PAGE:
Managing Distress and Disruption

Generally, people show signs that they are struggling with personal concerns or problems. The following indicators may be useful in assessing whether or not a referral should be made:

Changes in mood, appearance or behavior

Some students will not directly tell you that there is a problem, but their appearance and behavior can be strong indicators. Deterioration of hygiene or appearance and dress may be visible cues of a problem. Behavioral changes may include a distinct decline in academic performance, poor attendance, an uncharacteristic need for additional attention or repeated requests for extensions. Students experiencing psychological challenges might exhibit angry outbursts, crying episodes, extreme levels of activity or conversations that do not make sense. Students making threats to classmates and engaging in angry, harassing behaviors should not be tolerated and action needs to be taken to stop them. Psychological problems may be driving these behaviors so intervention at this level is also important.

Traumatic changes in personal relationships

The death of a family member or close friend, difficulties in important relationships, a divorce or break-up, and changes in family responsibilities might increase stress and overwhelm the individual's usual capacity to cope. If you are aware that a student might be experiencing such a problem, you might wish to initiate a conversation with them.

Drug and alcohol abuse

Individuals often use drugs and alcohol to cope with life stresses and psychological difficulties. Unfortunately, substance abuse frequently causes a further decline in social, academic, and work functioning.

Academic difficulties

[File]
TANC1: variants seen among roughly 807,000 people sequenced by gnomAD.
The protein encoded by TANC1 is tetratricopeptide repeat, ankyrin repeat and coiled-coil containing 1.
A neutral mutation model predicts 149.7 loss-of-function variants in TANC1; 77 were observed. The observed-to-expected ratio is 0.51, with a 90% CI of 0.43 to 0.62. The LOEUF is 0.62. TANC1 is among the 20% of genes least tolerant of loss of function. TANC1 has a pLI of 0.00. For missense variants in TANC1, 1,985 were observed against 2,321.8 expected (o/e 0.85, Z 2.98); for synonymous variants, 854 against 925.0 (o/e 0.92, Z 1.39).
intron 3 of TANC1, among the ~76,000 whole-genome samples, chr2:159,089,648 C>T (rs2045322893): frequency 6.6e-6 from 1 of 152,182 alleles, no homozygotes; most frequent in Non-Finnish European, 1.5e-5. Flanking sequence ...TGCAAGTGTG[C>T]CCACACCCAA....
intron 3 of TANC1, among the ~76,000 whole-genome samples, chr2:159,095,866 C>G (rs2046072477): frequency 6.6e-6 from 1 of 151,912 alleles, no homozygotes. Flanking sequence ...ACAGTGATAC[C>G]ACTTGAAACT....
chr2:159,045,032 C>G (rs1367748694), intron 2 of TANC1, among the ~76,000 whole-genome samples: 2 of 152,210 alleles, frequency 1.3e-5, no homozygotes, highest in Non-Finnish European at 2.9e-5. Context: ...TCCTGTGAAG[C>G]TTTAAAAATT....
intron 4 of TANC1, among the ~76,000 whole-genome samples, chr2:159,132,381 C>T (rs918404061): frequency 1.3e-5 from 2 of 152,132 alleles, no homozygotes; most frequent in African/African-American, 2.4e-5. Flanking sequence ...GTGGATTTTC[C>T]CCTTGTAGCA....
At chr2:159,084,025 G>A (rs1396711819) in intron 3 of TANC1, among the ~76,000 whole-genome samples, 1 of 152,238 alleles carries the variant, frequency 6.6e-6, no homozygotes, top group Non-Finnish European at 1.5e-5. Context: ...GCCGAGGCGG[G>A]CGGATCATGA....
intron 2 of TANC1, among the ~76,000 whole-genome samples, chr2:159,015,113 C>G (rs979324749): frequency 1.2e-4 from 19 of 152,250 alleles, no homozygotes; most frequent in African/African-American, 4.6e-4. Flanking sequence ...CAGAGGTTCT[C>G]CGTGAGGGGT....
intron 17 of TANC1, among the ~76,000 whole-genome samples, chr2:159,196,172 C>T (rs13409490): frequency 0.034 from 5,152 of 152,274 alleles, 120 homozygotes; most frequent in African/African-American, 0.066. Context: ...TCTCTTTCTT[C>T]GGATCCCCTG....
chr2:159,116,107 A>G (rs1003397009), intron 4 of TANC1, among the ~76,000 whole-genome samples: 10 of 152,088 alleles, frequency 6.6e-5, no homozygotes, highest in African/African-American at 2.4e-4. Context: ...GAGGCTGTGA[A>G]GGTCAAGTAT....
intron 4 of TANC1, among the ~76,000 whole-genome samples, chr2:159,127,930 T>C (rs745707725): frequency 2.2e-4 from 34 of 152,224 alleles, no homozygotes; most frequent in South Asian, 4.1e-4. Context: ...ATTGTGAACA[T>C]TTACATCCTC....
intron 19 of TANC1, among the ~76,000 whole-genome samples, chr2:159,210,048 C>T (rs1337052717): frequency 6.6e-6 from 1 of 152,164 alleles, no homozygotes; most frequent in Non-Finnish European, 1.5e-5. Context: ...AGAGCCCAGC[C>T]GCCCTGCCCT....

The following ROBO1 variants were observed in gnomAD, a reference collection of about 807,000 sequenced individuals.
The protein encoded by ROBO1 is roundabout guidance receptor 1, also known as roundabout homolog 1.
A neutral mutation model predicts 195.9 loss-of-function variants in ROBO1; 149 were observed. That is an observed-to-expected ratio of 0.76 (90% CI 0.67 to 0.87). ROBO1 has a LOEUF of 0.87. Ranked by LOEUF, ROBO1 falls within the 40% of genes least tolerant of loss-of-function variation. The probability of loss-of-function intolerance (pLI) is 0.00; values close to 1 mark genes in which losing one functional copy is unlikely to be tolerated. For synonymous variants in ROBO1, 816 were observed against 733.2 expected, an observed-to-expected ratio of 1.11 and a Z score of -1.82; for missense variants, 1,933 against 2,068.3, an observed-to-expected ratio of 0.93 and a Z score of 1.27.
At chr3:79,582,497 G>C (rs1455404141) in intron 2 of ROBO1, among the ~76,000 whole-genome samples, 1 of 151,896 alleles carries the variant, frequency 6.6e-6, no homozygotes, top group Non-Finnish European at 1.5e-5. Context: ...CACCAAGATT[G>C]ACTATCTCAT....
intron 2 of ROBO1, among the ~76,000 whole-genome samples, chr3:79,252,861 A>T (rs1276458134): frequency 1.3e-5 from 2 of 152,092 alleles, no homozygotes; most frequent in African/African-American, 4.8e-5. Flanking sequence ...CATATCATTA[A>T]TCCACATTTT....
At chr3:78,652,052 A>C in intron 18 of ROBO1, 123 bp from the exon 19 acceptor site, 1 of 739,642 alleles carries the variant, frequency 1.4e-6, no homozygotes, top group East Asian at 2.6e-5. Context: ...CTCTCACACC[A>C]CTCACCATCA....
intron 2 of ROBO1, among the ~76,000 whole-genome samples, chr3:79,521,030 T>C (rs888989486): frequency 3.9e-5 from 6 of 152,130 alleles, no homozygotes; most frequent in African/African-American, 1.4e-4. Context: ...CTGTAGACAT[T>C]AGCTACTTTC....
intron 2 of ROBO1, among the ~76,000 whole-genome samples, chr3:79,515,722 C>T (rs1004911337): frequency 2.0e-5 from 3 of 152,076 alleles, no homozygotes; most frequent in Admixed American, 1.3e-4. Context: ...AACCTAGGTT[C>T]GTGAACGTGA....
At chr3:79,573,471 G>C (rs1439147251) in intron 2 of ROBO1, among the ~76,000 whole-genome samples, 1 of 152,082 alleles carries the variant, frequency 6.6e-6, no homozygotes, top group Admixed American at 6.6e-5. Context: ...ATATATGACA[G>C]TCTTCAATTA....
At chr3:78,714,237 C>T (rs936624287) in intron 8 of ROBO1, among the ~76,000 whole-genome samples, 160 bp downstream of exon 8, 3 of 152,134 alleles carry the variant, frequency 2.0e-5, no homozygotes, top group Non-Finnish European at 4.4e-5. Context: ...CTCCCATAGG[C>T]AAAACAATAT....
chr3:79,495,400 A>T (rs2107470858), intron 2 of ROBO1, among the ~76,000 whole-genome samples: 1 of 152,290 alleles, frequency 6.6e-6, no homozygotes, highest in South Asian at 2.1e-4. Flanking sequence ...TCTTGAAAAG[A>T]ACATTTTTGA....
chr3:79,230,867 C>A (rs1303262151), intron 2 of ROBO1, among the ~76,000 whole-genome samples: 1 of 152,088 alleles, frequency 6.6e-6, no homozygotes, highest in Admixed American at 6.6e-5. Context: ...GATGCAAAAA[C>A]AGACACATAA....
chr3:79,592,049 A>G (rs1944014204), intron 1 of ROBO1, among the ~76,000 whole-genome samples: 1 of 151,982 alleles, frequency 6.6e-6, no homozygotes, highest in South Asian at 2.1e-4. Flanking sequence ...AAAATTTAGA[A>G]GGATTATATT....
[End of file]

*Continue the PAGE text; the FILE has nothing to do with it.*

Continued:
Students whose academic performance declines to a noticeable degree may be feeling overwhelmed in other areas of life. Some students might exhibit difficulties with concentration in class or performance on exams.

Learning problems

Some students find the demands of college-level academic work to be greater than they anticipated. While it is expected that students will go through an adjustment period, those who demonstrate a consistent discrepancy between their ability and performance may need further assistance. Poor study habits, test anxiety, or an undiagnosed learning disability may be affecting performance.

References to suicide

If a student talks or writes about suicide, this should be taken seriously. Thoughts of suicide are not necessarily dangerous, but they may indicate that the student is feeling overwhelmed or depressed. Do not assume that talk of suicide is intended solely to get attention. If you become aware of a student who is thinking about suicide, please read over the section Suicide Prevention. Therapists at CAPS are available for a consultation if you are unsure how to intervene or if the student is reluctant to take your referral.

Leaving school

When a student indicates that they are considering leaving school or transferring, a referral to CAPS may be appropriate. Often a complex number of issues are at play. There may be other issues that need to be addressed rather than a change in schools.